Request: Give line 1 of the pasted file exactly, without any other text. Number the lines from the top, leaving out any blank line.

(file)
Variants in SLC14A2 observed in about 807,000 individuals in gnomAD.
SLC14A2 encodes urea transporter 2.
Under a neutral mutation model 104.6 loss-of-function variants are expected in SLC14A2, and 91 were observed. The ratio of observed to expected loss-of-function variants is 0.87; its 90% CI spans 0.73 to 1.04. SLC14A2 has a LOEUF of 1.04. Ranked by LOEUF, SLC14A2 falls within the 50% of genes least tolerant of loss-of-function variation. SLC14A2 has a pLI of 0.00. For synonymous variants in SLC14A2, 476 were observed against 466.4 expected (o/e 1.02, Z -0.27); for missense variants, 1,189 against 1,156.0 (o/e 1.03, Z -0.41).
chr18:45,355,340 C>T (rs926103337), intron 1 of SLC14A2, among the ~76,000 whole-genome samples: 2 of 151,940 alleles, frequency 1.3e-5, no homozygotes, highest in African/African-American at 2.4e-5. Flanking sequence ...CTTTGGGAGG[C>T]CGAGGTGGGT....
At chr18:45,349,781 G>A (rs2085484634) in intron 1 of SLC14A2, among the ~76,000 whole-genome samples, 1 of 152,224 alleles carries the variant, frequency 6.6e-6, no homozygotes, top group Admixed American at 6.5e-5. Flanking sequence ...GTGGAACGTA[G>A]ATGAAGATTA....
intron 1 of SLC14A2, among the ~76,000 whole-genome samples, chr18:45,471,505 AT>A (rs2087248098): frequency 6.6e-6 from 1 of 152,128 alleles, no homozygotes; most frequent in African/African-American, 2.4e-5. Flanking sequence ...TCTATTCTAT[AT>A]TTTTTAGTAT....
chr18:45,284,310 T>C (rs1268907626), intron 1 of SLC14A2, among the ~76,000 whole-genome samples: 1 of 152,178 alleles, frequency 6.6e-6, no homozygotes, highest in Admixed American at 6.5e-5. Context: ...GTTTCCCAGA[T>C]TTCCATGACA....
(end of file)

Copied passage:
Variants in SLC14A2 observed in about 807,000 individuals in gnomAD.